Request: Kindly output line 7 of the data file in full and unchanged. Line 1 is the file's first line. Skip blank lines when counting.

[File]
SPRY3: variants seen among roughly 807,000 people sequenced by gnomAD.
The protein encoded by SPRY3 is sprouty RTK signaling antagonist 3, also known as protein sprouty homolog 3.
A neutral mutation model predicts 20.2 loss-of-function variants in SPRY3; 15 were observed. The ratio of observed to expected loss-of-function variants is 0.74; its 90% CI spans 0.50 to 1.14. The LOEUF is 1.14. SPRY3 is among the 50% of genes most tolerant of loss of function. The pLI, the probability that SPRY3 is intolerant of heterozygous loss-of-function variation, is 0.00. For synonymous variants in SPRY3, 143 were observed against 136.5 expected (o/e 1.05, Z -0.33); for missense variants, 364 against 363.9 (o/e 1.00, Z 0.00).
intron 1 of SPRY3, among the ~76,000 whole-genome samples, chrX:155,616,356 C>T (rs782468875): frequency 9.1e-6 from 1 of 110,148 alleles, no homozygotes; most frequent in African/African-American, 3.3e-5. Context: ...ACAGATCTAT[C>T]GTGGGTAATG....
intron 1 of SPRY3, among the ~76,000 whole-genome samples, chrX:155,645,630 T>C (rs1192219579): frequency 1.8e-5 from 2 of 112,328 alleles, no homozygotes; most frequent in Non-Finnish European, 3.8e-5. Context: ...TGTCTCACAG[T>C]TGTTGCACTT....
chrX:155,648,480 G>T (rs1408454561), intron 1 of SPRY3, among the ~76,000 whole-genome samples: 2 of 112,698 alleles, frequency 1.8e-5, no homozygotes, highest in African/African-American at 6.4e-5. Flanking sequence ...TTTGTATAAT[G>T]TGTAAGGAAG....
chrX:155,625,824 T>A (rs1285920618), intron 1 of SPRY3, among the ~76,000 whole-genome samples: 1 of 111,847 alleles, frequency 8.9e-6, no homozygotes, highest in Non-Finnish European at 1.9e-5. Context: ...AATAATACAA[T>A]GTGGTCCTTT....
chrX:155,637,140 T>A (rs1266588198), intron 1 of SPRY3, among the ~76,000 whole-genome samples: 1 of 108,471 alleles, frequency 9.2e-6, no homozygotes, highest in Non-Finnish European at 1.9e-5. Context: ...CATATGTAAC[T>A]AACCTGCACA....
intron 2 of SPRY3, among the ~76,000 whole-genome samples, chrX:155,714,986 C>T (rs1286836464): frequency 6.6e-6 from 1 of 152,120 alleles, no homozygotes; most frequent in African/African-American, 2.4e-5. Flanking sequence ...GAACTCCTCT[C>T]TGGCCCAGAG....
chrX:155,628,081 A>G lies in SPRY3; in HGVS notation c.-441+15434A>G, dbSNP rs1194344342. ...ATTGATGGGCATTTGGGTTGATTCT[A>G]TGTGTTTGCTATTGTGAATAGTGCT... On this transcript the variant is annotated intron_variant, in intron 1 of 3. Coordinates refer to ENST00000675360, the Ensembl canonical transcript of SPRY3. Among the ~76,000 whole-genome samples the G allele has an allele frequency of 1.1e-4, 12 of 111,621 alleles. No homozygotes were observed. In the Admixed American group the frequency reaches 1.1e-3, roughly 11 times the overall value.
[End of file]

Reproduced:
chrX:155,625,824 T>A (rs1285920618), intron 1 of SPRY3, among the ~76,000 whole-genome samples: 1 of 111,847 alleles, frequency 8.9e-6, no homozygotes, highest in Non-Finnish European at 1.9e-5. Context: ...AATAATACAA[T>A]GTGGTCCTTT....